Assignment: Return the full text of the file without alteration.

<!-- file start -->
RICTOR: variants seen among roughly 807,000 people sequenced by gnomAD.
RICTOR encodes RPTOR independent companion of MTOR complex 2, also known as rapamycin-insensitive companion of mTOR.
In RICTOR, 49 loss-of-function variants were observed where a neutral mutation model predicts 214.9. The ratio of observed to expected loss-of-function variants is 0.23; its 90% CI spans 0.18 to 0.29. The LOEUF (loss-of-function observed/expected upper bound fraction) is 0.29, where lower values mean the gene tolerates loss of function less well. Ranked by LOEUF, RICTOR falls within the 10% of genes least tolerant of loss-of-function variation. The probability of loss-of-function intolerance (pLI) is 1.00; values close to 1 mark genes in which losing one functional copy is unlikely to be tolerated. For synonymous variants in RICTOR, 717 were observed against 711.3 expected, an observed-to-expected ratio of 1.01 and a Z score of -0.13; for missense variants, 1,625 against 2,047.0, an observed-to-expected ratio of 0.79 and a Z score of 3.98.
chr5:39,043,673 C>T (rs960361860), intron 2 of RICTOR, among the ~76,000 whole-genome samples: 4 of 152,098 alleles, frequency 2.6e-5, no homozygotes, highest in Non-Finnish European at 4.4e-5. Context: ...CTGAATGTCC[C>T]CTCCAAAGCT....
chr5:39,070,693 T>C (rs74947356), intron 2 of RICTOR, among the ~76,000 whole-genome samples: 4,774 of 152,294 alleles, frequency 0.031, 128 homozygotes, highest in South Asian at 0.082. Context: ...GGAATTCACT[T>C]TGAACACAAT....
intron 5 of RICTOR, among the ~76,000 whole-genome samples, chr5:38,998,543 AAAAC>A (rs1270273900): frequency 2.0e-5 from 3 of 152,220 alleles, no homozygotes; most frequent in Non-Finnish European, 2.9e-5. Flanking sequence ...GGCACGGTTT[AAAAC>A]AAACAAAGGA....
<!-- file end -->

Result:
RICTOR: variants seen among roughly 807,000 people sequenced by gnomAD.
RICTOR encodes RPTOR independent companion of MTOR complex 2, also known as rapamycin-insensitive companion of mTOR.
In RICTOR, 49 loss-of-function variants were observed where a neutral mutation model predicts 214.9. The ratio of observed to expected loss-of-function variants is 0.23; its 90% CI spans 0.18 to 0.29. The LOEUF (loss-of-function observed/expected upper bound fraction) is 0.29, where lower values mean the gene tolerates loss of function less well. Ranked by LOEUF, RICTOR falls within the 10% of genes least tolerant of loss-of-function variation. The probability of loss-of-function intolerance (pLI) is 1.00; values close to 1 mark genes in which losing one functional copy is unlikely to be tolerated. For synonymous variants in RICTOR, 717 were observed against 711.3 expected, an observed-to-expected ratio of 1.01 and a Z score of -0.13; for missense variants, 1,625 against 2,047.0, an observed-to-expected ratio of 0.79 and a Z score of 3.98.
chr5:39,043,673 C>T (rs960361860), intron 2 of RICTOR, among the ~76,000 whole-genome samples: 4 of 152,098 alleles, frequency 2.6e-5, no homozygotes, highest in Non-Finnish European at 4.4e-5. Context: ...CTGAATGTCC[C>T]CTCCAAAGCT....
chr5:39,070,693 T>C (rs74947356), intron 2 of RICTOR, among the ~76,000 whole-genome samples: 4,774 of 152,294 alleles, frequency 0.031, 128 homozygotes, highest in South Asian at 0.082. Context: ...GGAATTCACT[T>C]TGAACACAAT....
intron 5 of RICTOR, among the ~76,000 whole-genome samples, chr5:38,998,543 AAAAC>A (rs1270273900): frequency 2.0e-5 from 3 of 152,220 alleles, no homozygotes; most frequent in Non-Finnish European, 2.9e-5. Flanking sequence ...GGCACGGTTT[AAAAC>A]AAACAAAGGA....